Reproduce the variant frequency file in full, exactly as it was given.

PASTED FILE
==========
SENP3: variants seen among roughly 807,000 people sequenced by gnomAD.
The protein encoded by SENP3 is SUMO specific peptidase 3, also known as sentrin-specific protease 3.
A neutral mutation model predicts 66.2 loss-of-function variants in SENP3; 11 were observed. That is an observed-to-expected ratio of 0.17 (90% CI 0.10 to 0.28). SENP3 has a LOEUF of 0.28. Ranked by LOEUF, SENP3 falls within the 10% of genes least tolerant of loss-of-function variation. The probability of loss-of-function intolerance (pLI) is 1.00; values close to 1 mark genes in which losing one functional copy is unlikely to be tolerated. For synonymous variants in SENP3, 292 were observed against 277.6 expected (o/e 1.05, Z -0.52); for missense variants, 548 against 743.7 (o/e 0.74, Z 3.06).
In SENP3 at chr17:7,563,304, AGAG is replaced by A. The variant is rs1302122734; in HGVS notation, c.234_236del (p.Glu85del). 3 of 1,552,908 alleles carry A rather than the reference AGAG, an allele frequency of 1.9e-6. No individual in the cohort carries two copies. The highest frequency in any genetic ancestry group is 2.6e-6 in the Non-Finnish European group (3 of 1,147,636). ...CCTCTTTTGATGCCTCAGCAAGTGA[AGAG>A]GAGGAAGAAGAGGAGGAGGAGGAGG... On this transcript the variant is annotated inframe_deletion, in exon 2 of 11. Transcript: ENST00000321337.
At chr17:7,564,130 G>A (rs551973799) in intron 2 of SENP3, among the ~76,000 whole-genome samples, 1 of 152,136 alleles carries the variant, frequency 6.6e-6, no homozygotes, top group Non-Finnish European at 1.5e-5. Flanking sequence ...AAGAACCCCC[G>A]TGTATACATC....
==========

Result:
SENP3: variants seen among roughly 807,000 people sequenced by gnomAD.
The protein encoded by SENP3 is SUMO specific peptidase 3, also known as sentrin-specific protease 3.
A neutral mutation model predicts 66.2 loss-of-function variants in SENP3; 11 were observed. That is an observed-to-expected ratio of 0.17 (90% CI 0.10 to 0.28). SENP3 has a LOEUF of 0.28. Ranked by LOEUF, SENP3 falls within the 10% of genes least tolerant of loss-of-function variation. The probability of loss-of-function intolerance (pLI) is 1.00; values close to 1 mark genes in which losing one functional copy is unlikely to be tolerated. For synonymous variants in SENP3, 292 were observed against 277.6 expected (o/e 1.05, Z -0.52); for missense variants, 548 against 743.7 (o/e 0.74, Z 3.06).
In SENP3 at chr17:7,563,304, AGAG is replaced by A. The variant is rs1302122734; in HGVS notation, c.234_236del (p.Glu85del). 3 of 1,552,908 alleles carry A rather than the reference AGAG, an allele frequency of 1.9e-6. No individual in the cohort carries two copies. The highest frequency in any genetic ancestry group is 2.6e-6 in the Non-Finnish European group (3 of 1,147,636). ...CCTCTTTTGATGCCTCAGCAAGTGA[AGAG>A]GAGGAAGAAGAGGAGGAGGAGGAGG... On this transcript the variant is annotated inframe_deletion, in exon 2 of 11. Transcript: ENST00000321337.
At chr17:7,564,130 G>A (rs551973799) in intron 2 of SENP3, among the ~76,000 whole-genome samples, 1 of 152,136 alleles carries the variant, frequency 6.6e-6, no homozygotes, top group Non-Finnish European at 1.5e-5. Flanking sequence ...AAGAACCCCC[G>A]TGTATACATC....